1. All those that are justified, God vouchsafed, in and for his only Son Jesus Christ, to make partakers of the grace of adoption, by which they are taken into the number, and enjoy the liberties and privileges of the children of God, have his name put upon them, receive the Spirit of adoption, have access to the throne of grace with boldness, are enabled to cry, Abba, Father, are pitied, protected, provided for, and chastened by him, as by a father: yet never cast off, but sealed to the day of redemption; and inherit the promises, as heirs of everlasting salvation.

Charles Spurgeon On The Quickened Church

Charles H. Spurgeon

The blessings of the Holy Spirit are needed in every church in every age. This need has become magnified in our day as church leaders tend to turn to packaged programs for drawing to and keeping people in the membership of the church. We have pushed aside the notion that the Holy Spirit builds the church. Charles Spurgeon comments on the work of the Holy Spirit:

Yet now be strong, O Zerubbabel, declares the Lord. Be strong, O Joshua, son of Jehozadak, the high priest. Be strong, all you people of the land, declares the Lord. Work, for I am with you, declares the Lord of hosts, according to the covenant that I made with you when you came out of Egypt. My Spirit remains in your midst. Fear not. (Haggai 2:4-5)

The Holy Spirit being with us, He can move the whole church to exercise its varied ministries. This is one of the things we want very much—that every member of the church should recognize that he is ordained to service. Everyone in Christ, man or woman, hath some testimony to bear, some warning to give, some deed to do in the name of the holy child Jesus; and if the Spirit of God be poured out upon our young men and our maidens, each one will be aroused to energetic service. Both small and great will be in earnest, and the result upon the slumbering masses of our population will surprise us all. Sometimes we lament that the churches are so dull. There is an old proverb which says of So-and-so, that he was “as sound asleep as a church.” I suppose there is nothing that can sleep so soundly as a church. But yet the Spirit of God still remaineth, and therefore churches go to be awakened. I mean that not only in part but as a whole, a church may be quickened. The dullest professor, the most slovenly believer, the most captious and useless member of a church, may yet be turned to good account. I see them like a stack of faggots, piled up, dead and dry. Oh for the fire! We will have a blaze out of them yet.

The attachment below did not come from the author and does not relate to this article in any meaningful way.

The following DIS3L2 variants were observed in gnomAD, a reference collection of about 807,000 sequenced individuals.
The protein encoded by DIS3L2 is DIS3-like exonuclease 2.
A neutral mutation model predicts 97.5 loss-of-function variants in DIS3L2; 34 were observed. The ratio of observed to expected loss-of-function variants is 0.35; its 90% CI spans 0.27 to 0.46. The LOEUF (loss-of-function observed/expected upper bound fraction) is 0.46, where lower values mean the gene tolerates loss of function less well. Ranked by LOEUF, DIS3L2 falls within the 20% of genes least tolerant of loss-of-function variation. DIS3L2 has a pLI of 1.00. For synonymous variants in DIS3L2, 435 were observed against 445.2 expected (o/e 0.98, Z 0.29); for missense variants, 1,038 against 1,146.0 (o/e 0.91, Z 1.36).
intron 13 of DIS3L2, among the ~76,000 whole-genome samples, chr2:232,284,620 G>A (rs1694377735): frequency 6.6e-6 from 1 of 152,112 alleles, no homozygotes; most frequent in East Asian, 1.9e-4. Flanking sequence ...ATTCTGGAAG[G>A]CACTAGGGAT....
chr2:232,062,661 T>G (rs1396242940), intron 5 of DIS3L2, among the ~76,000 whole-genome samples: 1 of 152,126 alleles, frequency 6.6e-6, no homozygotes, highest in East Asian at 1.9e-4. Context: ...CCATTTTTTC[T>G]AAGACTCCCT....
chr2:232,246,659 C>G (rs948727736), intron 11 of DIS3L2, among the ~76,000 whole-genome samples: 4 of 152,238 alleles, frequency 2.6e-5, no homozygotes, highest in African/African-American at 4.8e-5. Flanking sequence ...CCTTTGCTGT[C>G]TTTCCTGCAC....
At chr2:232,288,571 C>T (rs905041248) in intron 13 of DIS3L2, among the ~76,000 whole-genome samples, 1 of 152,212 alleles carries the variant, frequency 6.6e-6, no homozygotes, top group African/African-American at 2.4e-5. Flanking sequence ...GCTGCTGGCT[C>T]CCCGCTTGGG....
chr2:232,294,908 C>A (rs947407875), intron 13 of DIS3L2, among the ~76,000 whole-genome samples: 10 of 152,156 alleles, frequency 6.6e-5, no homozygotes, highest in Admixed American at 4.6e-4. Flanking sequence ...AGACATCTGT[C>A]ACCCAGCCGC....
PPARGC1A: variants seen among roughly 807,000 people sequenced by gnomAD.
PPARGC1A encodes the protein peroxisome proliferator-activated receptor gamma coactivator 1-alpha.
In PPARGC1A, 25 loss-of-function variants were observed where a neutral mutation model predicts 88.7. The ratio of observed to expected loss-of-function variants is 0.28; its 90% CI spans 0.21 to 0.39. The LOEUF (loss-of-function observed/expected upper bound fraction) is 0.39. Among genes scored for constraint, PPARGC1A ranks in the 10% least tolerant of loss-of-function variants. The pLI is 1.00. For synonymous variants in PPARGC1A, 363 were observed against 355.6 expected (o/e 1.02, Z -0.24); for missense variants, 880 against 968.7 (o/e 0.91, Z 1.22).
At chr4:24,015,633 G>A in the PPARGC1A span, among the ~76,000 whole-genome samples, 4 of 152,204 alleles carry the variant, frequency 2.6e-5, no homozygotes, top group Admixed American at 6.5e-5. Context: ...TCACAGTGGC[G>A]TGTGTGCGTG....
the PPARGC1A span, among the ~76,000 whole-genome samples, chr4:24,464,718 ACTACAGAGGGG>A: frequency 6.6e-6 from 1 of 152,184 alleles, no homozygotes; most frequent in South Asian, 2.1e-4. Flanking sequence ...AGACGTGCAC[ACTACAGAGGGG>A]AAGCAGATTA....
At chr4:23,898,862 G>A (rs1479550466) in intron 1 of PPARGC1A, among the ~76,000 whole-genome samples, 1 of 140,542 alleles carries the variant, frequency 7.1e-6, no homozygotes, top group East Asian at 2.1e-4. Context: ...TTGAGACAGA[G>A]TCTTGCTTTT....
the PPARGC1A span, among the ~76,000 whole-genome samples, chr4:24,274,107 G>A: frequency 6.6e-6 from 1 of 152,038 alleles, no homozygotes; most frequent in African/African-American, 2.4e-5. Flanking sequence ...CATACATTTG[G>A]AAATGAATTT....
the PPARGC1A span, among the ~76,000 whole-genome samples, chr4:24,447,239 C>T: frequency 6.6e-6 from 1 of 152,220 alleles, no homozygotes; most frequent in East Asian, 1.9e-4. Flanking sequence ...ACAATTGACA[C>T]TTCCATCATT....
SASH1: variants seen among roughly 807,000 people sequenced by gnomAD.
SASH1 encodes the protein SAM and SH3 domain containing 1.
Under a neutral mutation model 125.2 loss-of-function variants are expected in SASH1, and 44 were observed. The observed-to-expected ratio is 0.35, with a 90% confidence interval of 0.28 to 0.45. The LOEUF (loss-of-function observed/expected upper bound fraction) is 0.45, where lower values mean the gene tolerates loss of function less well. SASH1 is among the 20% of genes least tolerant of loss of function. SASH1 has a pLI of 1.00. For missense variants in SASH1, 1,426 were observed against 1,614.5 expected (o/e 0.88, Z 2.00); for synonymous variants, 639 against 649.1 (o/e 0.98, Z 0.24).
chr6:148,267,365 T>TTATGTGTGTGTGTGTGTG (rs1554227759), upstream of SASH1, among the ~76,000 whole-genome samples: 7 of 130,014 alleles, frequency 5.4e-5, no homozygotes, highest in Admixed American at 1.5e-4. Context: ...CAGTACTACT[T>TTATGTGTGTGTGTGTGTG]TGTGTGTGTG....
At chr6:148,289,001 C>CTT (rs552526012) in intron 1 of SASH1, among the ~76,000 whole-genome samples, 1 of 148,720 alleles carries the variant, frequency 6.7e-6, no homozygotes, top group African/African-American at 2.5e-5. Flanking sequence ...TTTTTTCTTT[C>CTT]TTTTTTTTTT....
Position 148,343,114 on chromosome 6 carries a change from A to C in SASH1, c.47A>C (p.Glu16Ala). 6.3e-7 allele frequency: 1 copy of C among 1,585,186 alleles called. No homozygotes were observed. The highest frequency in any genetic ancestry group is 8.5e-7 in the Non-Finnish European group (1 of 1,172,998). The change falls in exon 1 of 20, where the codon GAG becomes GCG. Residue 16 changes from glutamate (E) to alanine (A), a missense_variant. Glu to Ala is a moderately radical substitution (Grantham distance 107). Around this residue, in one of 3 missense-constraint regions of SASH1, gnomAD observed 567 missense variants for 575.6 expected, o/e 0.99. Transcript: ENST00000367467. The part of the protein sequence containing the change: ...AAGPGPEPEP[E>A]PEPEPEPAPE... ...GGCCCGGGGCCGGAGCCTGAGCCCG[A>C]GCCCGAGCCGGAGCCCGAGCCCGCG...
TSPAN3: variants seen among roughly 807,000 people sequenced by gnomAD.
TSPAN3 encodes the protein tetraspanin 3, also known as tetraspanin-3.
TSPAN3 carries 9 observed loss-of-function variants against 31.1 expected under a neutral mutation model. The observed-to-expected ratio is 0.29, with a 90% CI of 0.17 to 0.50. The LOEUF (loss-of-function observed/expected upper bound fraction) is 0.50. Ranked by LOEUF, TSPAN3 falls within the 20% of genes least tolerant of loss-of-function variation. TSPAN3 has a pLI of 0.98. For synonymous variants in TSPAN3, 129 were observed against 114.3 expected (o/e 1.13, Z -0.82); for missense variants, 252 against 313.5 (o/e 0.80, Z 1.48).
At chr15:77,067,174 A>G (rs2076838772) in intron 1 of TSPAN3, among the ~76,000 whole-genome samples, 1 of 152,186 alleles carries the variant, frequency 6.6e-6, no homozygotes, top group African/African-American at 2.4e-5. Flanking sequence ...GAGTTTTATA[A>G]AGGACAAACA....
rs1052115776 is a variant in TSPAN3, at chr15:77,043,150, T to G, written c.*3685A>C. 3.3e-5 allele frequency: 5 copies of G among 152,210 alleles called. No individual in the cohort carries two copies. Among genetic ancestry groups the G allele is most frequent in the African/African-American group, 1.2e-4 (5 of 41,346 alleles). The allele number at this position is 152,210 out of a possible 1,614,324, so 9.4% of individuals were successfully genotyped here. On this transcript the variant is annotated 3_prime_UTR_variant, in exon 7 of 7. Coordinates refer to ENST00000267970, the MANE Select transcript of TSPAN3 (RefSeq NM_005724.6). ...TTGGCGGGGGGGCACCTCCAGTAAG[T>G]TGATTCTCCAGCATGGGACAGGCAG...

Come, Holy Spirit, heavenly Dove, brood over the dark, disordered church as once thou didst over chaos, and order shall come out of confusion, and the darkness shall fly before the light. Only let the Spirit be with us, and we have all that is wanted for victory. Give us His presence, and everything else will come in its due season for the profitable service of the entire church. (“The Abiding of the Spirit, the Glory of the Church”)

Our Strength Is In Christ

John Calvin

Quoting Protestant Reformer John Calvin (1509-1564):

“Without Me you can do nothing” (John 15:5):

“‘I am the vine,’ says He, ‘ye are the branches. My Father is the husbandman. As the branch cannot bear fruit of itself, except it abide in the vine, no more can ye, except ye abide in me. For without me ye can do nothing.’ (John 15:1-5) If we cannot bear fruit of ourselves, anymore than a branch can bud after it is torn up from the ground, and deprived of moisture, we must no longer seek for any aptitude in our nature to that which is good. There is no ambiguity in this conclusion, ‘Without me ye can do nothing.’ He does not say that we are too weak to be sufficient for ourselves, but reducing us to nothing, excludes every idea of ability, however diminutive.” (Institutes of the Christian Religion by John Calvin)